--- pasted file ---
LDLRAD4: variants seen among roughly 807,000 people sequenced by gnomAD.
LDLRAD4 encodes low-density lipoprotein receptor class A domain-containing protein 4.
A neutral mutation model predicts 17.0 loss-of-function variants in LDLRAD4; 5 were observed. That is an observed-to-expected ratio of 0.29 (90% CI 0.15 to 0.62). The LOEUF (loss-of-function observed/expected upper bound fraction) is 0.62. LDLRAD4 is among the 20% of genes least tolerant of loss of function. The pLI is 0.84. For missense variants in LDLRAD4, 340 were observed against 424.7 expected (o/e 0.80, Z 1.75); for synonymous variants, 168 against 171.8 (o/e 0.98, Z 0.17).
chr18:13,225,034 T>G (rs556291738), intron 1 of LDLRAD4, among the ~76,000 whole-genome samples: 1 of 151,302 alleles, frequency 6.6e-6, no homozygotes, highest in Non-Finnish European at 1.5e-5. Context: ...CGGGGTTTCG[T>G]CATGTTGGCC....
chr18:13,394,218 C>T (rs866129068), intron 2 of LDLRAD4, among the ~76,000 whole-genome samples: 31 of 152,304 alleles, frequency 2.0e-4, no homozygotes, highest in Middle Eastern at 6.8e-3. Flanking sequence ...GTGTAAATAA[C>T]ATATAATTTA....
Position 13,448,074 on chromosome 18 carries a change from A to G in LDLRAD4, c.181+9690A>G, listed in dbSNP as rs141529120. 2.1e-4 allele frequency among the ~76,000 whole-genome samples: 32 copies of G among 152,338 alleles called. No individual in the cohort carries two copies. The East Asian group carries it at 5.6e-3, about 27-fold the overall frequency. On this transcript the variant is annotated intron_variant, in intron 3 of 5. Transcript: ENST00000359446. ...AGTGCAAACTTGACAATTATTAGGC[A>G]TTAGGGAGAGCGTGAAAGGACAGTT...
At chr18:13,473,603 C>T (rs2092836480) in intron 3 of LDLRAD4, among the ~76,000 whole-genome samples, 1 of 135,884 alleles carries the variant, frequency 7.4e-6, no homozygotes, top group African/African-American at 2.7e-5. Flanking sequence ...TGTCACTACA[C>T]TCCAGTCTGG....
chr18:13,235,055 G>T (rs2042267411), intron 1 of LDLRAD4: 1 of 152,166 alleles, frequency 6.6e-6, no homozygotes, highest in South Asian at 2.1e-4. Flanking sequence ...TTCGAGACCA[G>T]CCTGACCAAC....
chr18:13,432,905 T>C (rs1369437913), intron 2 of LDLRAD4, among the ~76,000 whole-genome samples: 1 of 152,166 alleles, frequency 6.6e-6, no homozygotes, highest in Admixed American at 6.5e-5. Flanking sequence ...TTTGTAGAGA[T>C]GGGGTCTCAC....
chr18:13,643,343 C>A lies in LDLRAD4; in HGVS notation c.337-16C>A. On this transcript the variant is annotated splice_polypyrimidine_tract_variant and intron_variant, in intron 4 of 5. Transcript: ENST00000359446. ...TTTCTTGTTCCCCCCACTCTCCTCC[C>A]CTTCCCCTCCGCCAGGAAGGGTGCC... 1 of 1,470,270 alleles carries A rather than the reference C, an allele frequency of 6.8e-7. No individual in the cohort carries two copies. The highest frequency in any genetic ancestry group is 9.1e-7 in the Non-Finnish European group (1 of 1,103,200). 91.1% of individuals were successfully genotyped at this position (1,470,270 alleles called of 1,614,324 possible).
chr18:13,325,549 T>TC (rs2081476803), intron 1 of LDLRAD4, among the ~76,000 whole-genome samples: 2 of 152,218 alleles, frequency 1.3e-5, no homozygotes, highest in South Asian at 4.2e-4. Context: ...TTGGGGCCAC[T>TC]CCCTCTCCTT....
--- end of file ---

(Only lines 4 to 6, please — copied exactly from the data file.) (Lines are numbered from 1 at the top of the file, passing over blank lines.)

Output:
chr18:13,225,034 T>G (rs556291738), intron 1 of LDLRAD4, among the ~76,000 whole-genome samples: 1 of 151,302 alleles, frequency 6.6e-6, no homozygotes, highest in Non-Finnish European at 1.5e-5. Context: ...CGGGGTTTCG[T>G]CATGTTGGCC....
chr18:13,394,218 C>T (rs866129068), intron 2 of LDLRAD4, among the ~76,000 whole-genome samples: 31 of 152,304 alleles, frequency 2.0e-4, no homozygotes, highest in Middle Eastern at 6.8e-3. Flanking sequence ...GTGTAAATAA[C>T]ATATAATTTA....
Position 13,448,074 on chromosome 18 carries a change from A to G in LDLRAD4, c.181+9690A>G, listed in dbSNP as rs141529120. 2.1e-4 allele frequency among the ~76,000 whole-genome samples: 32 copies of G among 152,338 alleles called. No individual in the cohort carries two copies. The East Asian group carries it at 5.6e-3, about 27-fold the overall frequency. On this transcript the variant is annotated intron_variant, in intron 3 of 5. Transcript: ENST00000359446. ...AGTGCAAACTTGACAATTATTAGGC[A>G]TTAGGGAGAGCGTGAAAGGACAGTT...